Published on Mar 31, 2015 by Edgar Snyder

What All Middle-Aged Drivers Need to Know About Eyesight

The Surprising Ways Age Affects Driving

Many are quick to call out teenagers for their risky driving habits, but they aren't the only age group making dangerous moves behind the wheel. Middle-aged drivers, (those between the ages of 45 – 65), who are unaware of their declining eyesight may be putting themselves and their fellow motorists at risk.

Eyesight as You Age

Recent studies have found that about half of all American adults have less than perfect vision, i.e., do not have 20/20 vision, because they are nearsighted, farsighted, or have an astigmatism. Although many of these adults wear corrective lenses, they may not realize that numerous other factors that come into play after age 40 can affect eyesight.

One-third of those 40 and older will be affected by age-related macular degeneration, glaucoma, diabetic retinopathy or cataracts. On top of our risk for developing these issues, eyes age along with the rest of our bodies, and certain changes in our bodies can significantly impact older eyes. The risk for middle-aged drivers exists because this gradual decline in vision happens over time, and many don't realize that they've developed a visual impairment at all.

Look below for the various ways that middle-aged drivers can be affected by changes in their eyesight:

Night Driving

As we age, our pupils become smaller and don't dilate as quickly in the dark. This means that to see clearly, a 60-year-old needs two-thirds more light than a 20-year-old. Some maintain that this leads older drivers to function as if they were wearing dark sunglasses at night.

The loss of light perception during middle age seriously reduces our ability to see well in the dark—try reducing your driving speed at night to compensate. And, take a look at these 7 Tips to Help You Drive Safely When It's Dark.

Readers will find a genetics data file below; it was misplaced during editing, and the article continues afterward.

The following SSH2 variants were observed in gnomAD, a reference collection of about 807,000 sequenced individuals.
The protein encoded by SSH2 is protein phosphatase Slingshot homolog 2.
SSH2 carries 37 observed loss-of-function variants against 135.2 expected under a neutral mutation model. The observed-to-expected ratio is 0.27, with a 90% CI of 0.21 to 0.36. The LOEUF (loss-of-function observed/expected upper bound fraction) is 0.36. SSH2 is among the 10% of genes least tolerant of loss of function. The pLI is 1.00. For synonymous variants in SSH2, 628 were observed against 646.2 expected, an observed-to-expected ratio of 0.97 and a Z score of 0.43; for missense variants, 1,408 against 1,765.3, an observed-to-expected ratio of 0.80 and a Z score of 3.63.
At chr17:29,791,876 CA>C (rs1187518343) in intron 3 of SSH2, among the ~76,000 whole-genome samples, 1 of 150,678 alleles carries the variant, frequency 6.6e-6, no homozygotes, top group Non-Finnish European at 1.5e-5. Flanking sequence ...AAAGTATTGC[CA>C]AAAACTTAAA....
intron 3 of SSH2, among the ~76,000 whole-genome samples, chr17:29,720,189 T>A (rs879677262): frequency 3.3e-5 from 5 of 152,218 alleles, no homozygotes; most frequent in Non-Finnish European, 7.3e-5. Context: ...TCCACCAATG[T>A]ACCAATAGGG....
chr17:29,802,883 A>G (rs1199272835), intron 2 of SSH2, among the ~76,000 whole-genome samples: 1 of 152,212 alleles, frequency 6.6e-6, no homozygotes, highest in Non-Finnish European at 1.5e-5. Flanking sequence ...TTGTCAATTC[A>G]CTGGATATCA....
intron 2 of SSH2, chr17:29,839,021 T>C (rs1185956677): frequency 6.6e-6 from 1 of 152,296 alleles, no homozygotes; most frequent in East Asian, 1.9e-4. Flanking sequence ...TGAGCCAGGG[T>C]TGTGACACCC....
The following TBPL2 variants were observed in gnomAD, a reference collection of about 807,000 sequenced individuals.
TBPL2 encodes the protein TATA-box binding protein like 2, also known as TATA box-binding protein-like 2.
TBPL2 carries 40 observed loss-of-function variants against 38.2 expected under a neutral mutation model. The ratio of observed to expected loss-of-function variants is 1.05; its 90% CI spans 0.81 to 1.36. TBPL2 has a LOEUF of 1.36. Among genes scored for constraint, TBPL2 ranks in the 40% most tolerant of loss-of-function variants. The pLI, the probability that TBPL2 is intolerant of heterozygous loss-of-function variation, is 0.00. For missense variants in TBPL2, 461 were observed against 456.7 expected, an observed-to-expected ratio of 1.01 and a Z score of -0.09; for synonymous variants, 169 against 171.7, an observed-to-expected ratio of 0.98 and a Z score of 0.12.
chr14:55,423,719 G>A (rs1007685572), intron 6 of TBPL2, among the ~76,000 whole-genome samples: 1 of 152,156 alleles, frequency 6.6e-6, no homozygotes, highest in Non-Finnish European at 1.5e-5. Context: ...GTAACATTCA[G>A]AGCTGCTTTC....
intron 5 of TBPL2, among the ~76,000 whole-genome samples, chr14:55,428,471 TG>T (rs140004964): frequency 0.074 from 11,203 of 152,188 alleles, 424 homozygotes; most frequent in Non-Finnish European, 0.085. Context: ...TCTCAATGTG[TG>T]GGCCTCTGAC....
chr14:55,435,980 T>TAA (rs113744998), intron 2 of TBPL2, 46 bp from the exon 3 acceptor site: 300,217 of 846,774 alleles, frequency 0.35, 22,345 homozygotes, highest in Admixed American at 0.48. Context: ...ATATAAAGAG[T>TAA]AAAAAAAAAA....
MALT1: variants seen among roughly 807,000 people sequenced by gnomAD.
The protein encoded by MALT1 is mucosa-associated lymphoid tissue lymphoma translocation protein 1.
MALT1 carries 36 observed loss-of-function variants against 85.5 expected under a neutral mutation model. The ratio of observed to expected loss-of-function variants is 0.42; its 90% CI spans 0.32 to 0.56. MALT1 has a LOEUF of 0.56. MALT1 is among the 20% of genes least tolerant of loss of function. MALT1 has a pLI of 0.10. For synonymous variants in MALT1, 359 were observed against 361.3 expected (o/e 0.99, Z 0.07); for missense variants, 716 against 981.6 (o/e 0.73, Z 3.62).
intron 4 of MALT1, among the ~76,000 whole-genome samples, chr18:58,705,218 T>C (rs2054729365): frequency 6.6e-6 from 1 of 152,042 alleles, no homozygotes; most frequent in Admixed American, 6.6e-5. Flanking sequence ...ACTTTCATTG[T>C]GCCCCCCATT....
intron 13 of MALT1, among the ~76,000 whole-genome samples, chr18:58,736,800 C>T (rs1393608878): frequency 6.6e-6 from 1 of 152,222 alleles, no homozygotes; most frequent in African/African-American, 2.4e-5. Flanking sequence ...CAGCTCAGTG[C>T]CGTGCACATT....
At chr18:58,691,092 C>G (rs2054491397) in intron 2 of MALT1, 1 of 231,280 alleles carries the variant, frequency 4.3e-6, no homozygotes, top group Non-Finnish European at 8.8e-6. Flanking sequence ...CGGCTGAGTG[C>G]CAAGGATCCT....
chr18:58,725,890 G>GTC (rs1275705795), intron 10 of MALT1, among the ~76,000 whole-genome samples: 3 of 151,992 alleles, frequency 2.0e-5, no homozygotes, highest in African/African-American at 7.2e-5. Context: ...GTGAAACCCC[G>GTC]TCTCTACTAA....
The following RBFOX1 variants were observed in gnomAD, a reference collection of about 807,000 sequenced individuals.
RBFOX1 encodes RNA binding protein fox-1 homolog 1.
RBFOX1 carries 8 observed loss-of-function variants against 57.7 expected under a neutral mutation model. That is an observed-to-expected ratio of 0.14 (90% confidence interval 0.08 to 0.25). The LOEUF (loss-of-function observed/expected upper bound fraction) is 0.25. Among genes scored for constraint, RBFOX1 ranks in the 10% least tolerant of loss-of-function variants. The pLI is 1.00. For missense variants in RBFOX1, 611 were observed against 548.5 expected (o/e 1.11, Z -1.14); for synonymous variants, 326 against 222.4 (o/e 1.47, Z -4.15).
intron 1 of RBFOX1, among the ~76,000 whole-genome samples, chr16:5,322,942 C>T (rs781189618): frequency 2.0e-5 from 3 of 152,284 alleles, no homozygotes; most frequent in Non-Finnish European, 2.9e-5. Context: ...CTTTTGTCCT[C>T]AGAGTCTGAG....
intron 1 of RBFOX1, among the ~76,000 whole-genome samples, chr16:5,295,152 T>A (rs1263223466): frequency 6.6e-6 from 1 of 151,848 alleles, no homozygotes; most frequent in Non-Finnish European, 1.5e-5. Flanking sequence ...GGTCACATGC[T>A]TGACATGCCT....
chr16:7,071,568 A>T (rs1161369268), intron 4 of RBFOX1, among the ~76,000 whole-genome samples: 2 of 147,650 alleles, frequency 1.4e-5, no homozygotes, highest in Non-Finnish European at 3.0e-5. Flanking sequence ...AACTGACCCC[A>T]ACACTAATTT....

Accommodation (near vision focusing)

The ability to change focus from far to near is called accommodation or near vision focusing. Although you may have never needed glasses in the past, over the age of 45, the majority of people have increasing difficulty with near vision.

Drivers need to look from the road to the dashboard and then back quite often. They need to be able to focus on far distances, like checking the rear-view mirror or reading a distant traffic sign, and then focus back again on specific instruments inside the vehicle. Even seconds of a delay while near vision focusing delays reaction time and can cause car accidents.

Sensitivity to Glare

On the road, we are exposed to glare from all sorts of light sources— bright glare from the sun, the reflective glare from a traffic sign at night, or the unexpected glare from oncoming headlights. The aging cornea and lens in the eye become less clear as we age, causing light to scatter inside the eye, which increases our sensitivity to glare.

Being able to quickly recover and regain normal sight after being exposed to a very bright light is essential for safe driving. Unfortunately, glare recovery is at its peak in drivers under the age of 30. Combat glare by replacing windshield wipers every six months to keep your windshield clean and streak-free. This helps reduce the glare that becomes most prevalent at dusk and at night.

Car Accidents Can Happen At Any Age

Ultimately, you have to be able to see clearly in order to drive safely. However, car accidents can happen at any age. If you're ever injured in a car accident, it's critical to call us immediately before valuable evidence disappears. That's why we make it easy to contact us — our phones answer 24/7 or feel free to fill out our form online in the top right corner of this page.

Sources: “Half of U.S. Adults Lack 20/20 Vision.” Consumerhealthday.com. March 26, 2015.
“Safe Driving After Age 60.” Allaboutvision.com. March 26, 2015.
“Night Vision and Driving: How Safe Are Older Motorists?” Allaboutvision.com. March 26, 2015.
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